CDT-NGCM Seminar with Dr Jonathan Leliaert – What makes scientific software successful? A case study in micromagnetic software.

CDT-NGCM Seminar with Dr Jonathan Leliaert – What makes scientific software successful? A case study in micromagnetic software.

This seminar took place on 13 October 2021 at 1pm.

Dr Leliaert is a research physicist in the DyNaMat research group at Ghent University in Belgium specialising on the development of multi-physics computational packages. He is also an experienced software developer. In particular, he develops Vinamax and MuMax physics simulation software packages. These packages are used broadly by the research community and industry to simulate magnetic materials, magnetic devices, or study various fundamental aspects of magnetism (Figure 1).

Figure 1 – Examples of micromagnetic simulations performed by MuMax3 software [1]. (a) Simulation of magnetic vortex in a permalloy sample of dimensions 750 nm x 750 nm x 10 nm. (b) and (c) Simulation of magnetic force microscopy images in AC mode at different lift heights.

In his seminar talk, he first briefly explained the basic background of the physics of magnetism and introduced the mathematical theory called micromagnetics. Micromagnetics is the classical continuum theory of magnetism, analogous to Navier-Stokes equations in fluid mechanics and computational fluid dynamics, for example, and is at the heart of the MuMax magnetic simulation package. Dr Leliaert then went on to discuss the historical development and explained the various functionalities and performance of the MuMax code, especially its most current main-stream version MuMax3 [1]. This part included a range of topics such as the overall user interface, validation of the accuracy of computation, or hardware requirements, for example. One important aspect of MuMax3 is its GPU capability, which drastically enhances the computational performance as illustrated in Figure 2.

Figure 2 – MuMax3 throughput as a function of GPU release date. The throughput is defined as the number of finite difference cells in a micromagnetic finite difference simulation evaluated per second. On average, the throughput increases roughly by 30% every year [2].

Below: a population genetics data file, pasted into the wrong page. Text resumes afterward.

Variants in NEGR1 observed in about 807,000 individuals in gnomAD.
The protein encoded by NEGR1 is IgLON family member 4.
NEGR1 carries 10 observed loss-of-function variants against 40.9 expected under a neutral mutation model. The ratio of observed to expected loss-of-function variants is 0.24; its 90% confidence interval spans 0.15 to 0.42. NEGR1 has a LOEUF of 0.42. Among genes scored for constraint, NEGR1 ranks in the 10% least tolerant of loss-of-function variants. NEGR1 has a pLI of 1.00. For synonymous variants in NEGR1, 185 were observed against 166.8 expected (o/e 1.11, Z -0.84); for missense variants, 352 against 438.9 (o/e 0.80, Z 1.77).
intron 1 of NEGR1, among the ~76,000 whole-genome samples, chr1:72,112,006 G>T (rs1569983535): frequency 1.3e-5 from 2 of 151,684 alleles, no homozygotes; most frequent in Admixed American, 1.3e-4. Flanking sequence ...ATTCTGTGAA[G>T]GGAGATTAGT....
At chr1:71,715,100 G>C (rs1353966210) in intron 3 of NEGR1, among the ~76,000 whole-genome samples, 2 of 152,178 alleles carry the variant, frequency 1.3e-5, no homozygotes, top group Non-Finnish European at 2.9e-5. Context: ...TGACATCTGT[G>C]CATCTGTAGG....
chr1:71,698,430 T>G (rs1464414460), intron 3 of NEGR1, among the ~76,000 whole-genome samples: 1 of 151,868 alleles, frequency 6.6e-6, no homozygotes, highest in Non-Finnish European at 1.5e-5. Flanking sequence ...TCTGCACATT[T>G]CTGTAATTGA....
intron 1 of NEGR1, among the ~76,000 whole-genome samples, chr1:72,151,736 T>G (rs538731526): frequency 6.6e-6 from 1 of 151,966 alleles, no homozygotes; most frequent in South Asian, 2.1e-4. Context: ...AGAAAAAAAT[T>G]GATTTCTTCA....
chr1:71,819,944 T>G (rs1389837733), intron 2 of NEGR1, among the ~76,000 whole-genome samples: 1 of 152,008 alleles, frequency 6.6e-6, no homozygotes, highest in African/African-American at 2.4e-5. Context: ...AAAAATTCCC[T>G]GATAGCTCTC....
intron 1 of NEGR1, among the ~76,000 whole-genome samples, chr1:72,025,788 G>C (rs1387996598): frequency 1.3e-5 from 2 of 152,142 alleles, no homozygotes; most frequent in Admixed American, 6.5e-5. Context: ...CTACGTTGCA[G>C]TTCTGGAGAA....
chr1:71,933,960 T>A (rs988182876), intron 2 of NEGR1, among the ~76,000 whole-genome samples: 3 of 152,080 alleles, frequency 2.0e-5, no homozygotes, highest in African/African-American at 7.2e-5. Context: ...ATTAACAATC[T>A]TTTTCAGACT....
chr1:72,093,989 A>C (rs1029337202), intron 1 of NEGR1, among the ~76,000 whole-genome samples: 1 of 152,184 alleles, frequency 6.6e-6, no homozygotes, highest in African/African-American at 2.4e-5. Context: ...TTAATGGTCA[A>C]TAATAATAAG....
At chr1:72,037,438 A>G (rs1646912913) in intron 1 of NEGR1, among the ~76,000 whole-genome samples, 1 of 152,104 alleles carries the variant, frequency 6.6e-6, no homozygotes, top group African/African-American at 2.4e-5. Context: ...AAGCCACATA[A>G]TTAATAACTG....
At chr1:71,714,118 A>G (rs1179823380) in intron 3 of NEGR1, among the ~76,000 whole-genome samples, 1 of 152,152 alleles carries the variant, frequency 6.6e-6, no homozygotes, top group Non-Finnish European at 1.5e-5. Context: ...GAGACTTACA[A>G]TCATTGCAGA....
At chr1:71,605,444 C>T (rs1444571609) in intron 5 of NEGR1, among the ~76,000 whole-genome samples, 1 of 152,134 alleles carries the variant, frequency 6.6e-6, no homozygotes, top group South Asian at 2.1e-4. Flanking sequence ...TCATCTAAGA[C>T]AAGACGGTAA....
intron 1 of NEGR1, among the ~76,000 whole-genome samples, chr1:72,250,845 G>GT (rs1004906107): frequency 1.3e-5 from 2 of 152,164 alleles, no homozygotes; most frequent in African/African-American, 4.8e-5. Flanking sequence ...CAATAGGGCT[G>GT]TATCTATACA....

A substantial part of the talk was devoted to the discussion of the software engineering issues and challenges behind the development of the MuMax3 software. This included addressing the open-source licensing, organisation and maintenance of user forums and code website [3], routine testing of the code, issues in maintaining the cross-platform software development, and development of cloud services to host and run MuMax3 for those who do not have access to machines with suitable CUDA enabled graphics cards.

Dr Leliaert concluded his talk by providing a lot of useful advice to researchers who are planning to develop and distribute a code as part of their research work. He said that one of the challenges is to maintain a high-profile publication profile alongside the software development activities. It takes time and resources to develop and maintain the high standards of a code such that it can be used by the community effectively. As Dr Leliaert emphasised during his concluding remarks: “to develop robust academic carrier, it is crucial to invest time also in your own research, alongside your software development activities”.

The seminar talk was well attended (nearly 50 participants) and followed by vigorous discussion afterwards and received excellent feedback from the audience.


  1. Vansteenkiste, Arne, Jonathan Leliaert, Mykola Dvornik, Mathias Helsen, Felipe Garcia-Sanchez, and Bartel Van Waeyenberge. “The Design and Verification of MuMax3”. AIP Advances 4, no. 10 (October 2014): 107133.
  2. Leliaert, J., and J. Mulkers. “Tomorrow’s Micromagnetic Simulations”. Journal of Applied Physics 125, no. 18 (14 May 2019): 180901.

Written by Ondrej Hovorka